Now, click on "Test Summary". Cool! 29 tests and 0 failures. And it even knows which tests are the slowest.

Go back and look at the previous build - build #3. The "Test Summary" part was empty! This data was filled in thanks to the store_test_results step. It's not mission-critical, but it's free functionality!

Other CI Uses

By the way, you can also use continuous integration for other things beyond tests, like enforcing code standards. By installing the php-cs-fixer, you could easily make your build fail if someone pushes code that doesn't follow the standards.

And... we're done! Thanks for traveling along with me, dodging dinosaurs, and putting them back into their Enclosures. It's a thankless job, but somebody has to do it.

With testing as a part of your toolkit, your life will be so much better. Tests allow us to create features faster and code more aggressively. They give us the confidence that we're not going to break something important on the site. And you guys know me: I'm a pragmatist. I don't test for some philosophical reason about code quality. I test because it allows me to ship a high-quality app with confidence.

And besides, using continuous integration is super fun! If that's not reason enough to write tests, I don't know what is.

Ok guys, seeya next time!

Leave a comment!

  • 2018-03-05 Victor Bocharsky

    Hey Jiménez,

    Thank YOU for being our user ;) And thanks for your kind words, they help us to make more awesome tutorials :)

    Cheers!

  • 2018-03-05 Jiménez Geovaninho

    Wonderful tutorial, Thank you so much :) , I am really appreciate this class of tutorial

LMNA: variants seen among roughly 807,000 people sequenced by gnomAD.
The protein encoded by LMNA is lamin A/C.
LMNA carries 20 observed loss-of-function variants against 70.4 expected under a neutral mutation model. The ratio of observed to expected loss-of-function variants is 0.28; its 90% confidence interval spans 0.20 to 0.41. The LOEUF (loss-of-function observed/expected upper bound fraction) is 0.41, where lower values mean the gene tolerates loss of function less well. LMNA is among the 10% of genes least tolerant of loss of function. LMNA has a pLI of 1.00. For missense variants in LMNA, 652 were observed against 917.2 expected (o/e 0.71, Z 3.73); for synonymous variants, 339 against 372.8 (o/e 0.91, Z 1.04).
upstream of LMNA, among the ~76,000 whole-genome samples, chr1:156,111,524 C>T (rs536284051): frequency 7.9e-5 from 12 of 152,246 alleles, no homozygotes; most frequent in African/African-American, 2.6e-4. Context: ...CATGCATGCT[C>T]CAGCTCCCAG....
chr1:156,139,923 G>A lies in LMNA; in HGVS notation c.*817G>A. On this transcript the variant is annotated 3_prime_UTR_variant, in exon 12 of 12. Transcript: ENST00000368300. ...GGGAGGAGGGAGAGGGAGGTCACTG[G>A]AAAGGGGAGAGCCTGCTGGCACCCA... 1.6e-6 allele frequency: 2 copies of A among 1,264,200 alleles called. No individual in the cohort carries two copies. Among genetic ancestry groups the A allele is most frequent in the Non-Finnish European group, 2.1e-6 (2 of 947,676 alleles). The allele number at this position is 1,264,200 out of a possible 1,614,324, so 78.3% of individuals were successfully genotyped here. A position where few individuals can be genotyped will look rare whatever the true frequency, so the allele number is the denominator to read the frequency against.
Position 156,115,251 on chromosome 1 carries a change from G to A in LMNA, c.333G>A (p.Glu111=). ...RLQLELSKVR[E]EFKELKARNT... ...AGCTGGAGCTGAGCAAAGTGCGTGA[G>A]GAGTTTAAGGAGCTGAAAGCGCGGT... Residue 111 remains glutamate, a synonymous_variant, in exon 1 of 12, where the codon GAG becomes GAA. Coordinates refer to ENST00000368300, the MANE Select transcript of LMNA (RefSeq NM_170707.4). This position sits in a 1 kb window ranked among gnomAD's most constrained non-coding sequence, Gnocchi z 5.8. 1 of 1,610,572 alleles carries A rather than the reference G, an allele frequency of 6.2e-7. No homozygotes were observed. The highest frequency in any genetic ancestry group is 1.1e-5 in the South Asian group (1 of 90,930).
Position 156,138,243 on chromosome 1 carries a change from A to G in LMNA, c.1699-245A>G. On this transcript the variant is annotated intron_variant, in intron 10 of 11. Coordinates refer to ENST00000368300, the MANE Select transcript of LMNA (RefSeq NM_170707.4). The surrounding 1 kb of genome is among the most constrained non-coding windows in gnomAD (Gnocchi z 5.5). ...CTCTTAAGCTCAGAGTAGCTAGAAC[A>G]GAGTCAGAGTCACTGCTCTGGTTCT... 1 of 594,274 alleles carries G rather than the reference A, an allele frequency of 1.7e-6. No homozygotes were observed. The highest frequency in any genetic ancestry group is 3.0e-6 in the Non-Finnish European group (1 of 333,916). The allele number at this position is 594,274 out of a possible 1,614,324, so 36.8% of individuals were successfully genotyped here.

• 2018-01-17 weaverryan

    Hey Scott Gutman!

    I'll add one more thing in addition to what Diego said, which is actually less helpful, but might clear things even more :). If you want to functionally test a secured area, you don't need to do anything special. The only difference is that the first thing you will do at the beginning of each test is go to /login, fill in the username/password and press submit. You can easily write this code in a way that is re-usable across your tests. The only downside is that this slow your tests down further. But, on the bright side, it's a *true* test: you're using your site JUST like you would in real life. LiipFunctionalTestBundle has some "tricks" to get around this, if you're interested :).

    But if you have more specific questions, let us know!

    Cheers!

  • 2018-01-16 Diego Aguiar

    Hey Scott Gutman

    Thanks for your feedback. If you are in the need, there is an example about how to do it in the documentation: http://symfony.com/doc/curr...

    Or if you preffer, you can take advange of LiipFunctionalTestBundle, it comes with free functionality for login in users and many other useful things

    Cheers!

  • 2018-01-16 Scott Gutman

    The only thing missing in this tutorial is functional testing secure areas of the app.

  • 2018-01-16 Scott Gutman

    Once again, you have created a wonderful tutorial! I learned a lot and like the humor. Thank you so much!